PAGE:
The test of such a contract is an objective and not a subjective one, that is to say, the intention which the law will attribute to a man is always that which his conduct bears when reasonably construed, and not which was present in his own mind. So if A allows B to work for him under such circumstances that no reasonable man would suppose that B meant to do the work for nothing, A will be liable to pay for it. The doing of the work is the offer; the permission to do it, or the acquiescence in its being done, constitutes the acceptance.
33 Ritchie J. continued at the bottom of p. 622:
Like the learned trial Judge, however, I would adopt the following excerpt from Smith's Leading Cases, 13th ed. at p. 156 where it is said:
But if a person knows that the consideration is being rendered for his benefit with an expectation that he will pay for it, then if he acquiesces in its being done, taking the benefit of it when done, he will be taken impliedly to have requested its being done: and that will import a promise to pay for it.
34 The trial Judge remarked that there was no question that a number of homes were delivered to Nova Mobile Homes Limited between 9th November 1973 and 28th June 1974, and that:
There is also considerable evidence that no one representing Nova Mobile Homes Limited at any time objected to the form of invoice or to the fact that these units were being delivered.
35 From this evidence he felt that it could be inferred with reason that Nova Mobile Homes Limited accepted these homes, "sold them and paid for many of them upon sale".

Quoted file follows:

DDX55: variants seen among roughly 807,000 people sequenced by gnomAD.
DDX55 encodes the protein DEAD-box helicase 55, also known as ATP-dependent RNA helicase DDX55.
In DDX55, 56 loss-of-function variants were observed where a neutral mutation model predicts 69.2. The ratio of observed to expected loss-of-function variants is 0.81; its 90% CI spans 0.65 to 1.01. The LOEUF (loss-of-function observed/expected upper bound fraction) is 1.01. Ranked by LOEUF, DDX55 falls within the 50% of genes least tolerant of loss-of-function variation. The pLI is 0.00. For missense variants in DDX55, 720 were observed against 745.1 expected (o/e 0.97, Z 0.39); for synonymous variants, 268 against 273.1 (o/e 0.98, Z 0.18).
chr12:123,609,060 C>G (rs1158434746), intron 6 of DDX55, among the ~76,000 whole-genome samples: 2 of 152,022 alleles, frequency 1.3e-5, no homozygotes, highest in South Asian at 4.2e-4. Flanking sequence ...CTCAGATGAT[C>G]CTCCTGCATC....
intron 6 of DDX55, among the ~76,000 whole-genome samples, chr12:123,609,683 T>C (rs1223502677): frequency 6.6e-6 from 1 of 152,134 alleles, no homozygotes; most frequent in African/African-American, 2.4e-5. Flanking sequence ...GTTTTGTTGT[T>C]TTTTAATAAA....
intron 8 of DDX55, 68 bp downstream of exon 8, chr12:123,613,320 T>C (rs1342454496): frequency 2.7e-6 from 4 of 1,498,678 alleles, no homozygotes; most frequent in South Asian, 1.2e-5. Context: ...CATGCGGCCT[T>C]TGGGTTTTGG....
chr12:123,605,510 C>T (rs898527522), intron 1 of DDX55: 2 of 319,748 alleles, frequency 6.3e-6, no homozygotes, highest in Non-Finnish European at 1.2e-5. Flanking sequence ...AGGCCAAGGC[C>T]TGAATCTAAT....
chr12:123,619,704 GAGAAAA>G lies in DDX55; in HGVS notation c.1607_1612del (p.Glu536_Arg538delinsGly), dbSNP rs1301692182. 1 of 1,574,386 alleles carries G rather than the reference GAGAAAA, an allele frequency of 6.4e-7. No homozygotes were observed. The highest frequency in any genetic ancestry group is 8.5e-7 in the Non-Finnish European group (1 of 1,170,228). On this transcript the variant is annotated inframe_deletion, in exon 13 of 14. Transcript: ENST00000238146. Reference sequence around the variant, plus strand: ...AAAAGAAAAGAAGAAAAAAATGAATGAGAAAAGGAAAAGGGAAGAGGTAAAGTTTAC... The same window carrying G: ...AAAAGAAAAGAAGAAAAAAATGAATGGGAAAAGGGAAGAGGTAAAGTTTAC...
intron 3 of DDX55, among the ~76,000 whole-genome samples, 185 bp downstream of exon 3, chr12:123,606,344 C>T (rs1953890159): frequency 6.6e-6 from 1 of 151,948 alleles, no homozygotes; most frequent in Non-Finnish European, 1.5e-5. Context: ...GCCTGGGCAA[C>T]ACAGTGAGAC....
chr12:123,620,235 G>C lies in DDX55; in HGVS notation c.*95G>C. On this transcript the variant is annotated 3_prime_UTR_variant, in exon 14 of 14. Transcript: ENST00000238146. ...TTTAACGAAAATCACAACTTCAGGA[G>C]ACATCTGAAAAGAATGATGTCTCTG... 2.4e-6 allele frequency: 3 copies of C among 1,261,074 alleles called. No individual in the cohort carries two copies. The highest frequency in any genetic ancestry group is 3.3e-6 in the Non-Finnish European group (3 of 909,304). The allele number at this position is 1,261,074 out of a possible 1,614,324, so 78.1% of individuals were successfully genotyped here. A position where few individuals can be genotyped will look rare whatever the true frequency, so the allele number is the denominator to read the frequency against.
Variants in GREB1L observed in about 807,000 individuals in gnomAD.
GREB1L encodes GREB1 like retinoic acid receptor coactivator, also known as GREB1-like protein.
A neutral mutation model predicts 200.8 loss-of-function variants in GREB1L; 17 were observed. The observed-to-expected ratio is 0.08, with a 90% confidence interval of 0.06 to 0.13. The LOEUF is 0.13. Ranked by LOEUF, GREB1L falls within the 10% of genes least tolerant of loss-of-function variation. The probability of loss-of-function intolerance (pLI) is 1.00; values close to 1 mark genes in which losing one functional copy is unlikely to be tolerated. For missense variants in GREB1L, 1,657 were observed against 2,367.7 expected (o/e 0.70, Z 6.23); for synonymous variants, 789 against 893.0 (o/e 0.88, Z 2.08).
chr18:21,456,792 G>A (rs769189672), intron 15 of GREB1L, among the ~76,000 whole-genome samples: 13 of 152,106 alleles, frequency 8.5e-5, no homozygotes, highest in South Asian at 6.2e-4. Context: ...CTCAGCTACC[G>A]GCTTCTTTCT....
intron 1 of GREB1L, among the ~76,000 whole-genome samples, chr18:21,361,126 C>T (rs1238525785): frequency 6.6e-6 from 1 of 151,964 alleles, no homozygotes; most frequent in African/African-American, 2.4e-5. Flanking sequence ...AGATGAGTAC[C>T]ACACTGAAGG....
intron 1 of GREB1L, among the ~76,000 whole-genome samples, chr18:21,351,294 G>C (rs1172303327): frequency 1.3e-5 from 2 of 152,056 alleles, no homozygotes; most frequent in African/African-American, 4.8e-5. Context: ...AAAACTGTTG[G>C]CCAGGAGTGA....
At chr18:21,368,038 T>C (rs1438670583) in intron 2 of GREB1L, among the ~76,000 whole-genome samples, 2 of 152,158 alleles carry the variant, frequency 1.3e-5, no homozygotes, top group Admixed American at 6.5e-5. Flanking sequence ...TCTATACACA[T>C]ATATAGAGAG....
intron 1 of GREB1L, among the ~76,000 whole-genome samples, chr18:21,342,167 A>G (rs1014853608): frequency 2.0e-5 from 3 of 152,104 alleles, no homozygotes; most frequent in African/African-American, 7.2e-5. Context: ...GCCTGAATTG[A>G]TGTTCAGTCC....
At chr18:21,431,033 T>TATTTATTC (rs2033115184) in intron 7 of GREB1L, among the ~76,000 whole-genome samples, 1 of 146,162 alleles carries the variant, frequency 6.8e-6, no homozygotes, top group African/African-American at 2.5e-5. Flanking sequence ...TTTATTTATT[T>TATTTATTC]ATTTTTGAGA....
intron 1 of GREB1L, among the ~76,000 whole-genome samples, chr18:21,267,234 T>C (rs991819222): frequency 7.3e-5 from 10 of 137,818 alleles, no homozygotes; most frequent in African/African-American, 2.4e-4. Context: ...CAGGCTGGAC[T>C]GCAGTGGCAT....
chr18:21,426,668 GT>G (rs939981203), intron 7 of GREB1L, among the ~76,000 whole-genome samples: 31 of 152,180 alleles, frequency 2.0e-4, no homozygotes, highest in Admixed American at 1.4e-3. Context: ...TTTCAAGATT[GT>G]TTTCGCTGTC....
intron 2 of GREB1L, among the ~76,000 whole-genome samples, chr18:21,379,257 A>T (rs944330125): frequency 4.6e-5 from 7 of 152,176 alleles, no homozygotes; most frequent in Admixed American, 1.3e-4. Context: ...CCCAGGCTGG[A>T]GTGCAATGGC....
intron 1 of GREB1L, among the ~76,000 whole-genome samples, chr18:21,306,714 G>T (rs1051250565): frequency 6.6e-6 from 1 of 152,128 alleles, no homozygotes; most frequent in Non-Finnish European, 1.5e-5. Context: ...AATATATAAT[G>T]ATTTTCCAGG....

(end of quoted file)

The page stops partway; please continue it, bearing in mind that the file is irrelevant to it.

36 John Alexander Park, who was general manager of Glendale in Sussex from October 1973 until the latter part of June or early July 1974 was questioned about the attitude of Nova.
Q. To this date, to your knowledge, has Nova or anyone from Nova ever rejected or objected to the term of the invoices?
A. They were never rejected no.
37 There was evidence on which the trial Judge could arrive at the conclusion which he did and I would reject the first ground in the notice of contention.
38 (2) As to the second ground in the notice of contention, the trial Judge relied on the decision of Lieff J. in J.R. Auto Brokers Ltd. v. Hillcrest Auto Lease Ltd.,  2 O.R. 532, 70 D.L.R. (2d) 26.
39 In that case having concluded that a "subsequent mortgagee" under The Conditional Sales Act (Ontario) included the holder of a debenture in the nature of a floating charge, he said at p. 35:
The crux of the matter is whether the debenture holders relied on the apparent ownership of Embassy Motors Ltd. in the motor vehicles, in taking a floating charge as security for the advancement of moneys. I think the term 'subsequent mortgagees' applies only to those who may have acted subsequently in reliance upon such apparent ownership. There clearly was no such reliance in the case at bar and therefore I find that the debenture holders cannot be said to be 'subsequent mortgagees' within the spirit of s. 2(1) of The Conditional Sales Act.
40 Section 2(1) of the Ontario Act [The Conditional Sales Act] R.S.O. 1960, c. 61 referred to "a subsequent purchaser or mortgagee claiming from or under the purchaser, without notice, in good faith and for valuable consideration".
41 The trial Judge said that although the bank may have "acted subsequently", in reliance upon "apparent ownership of the mobile homes", the question before him went to its rights under the debenture and the bank neither entered into the debenture nor made advances thereunder following delivery of the mobile homes and invoices in June and July of 1974. In the result he could not find that the bank as the debenture holder was a "subsequent mortgagee" within the meaning of s. 2 and s. 3 of the Act.
42 In my opinion, Lieff J. reached the correct result, although I am not in disagreement with the treatment by my brother Macdonald of the effect of crystallization.
43 Accordingly, I agree that the conclusion of the trial Judge that the bank was not a "subsequent mortgagee" is correct.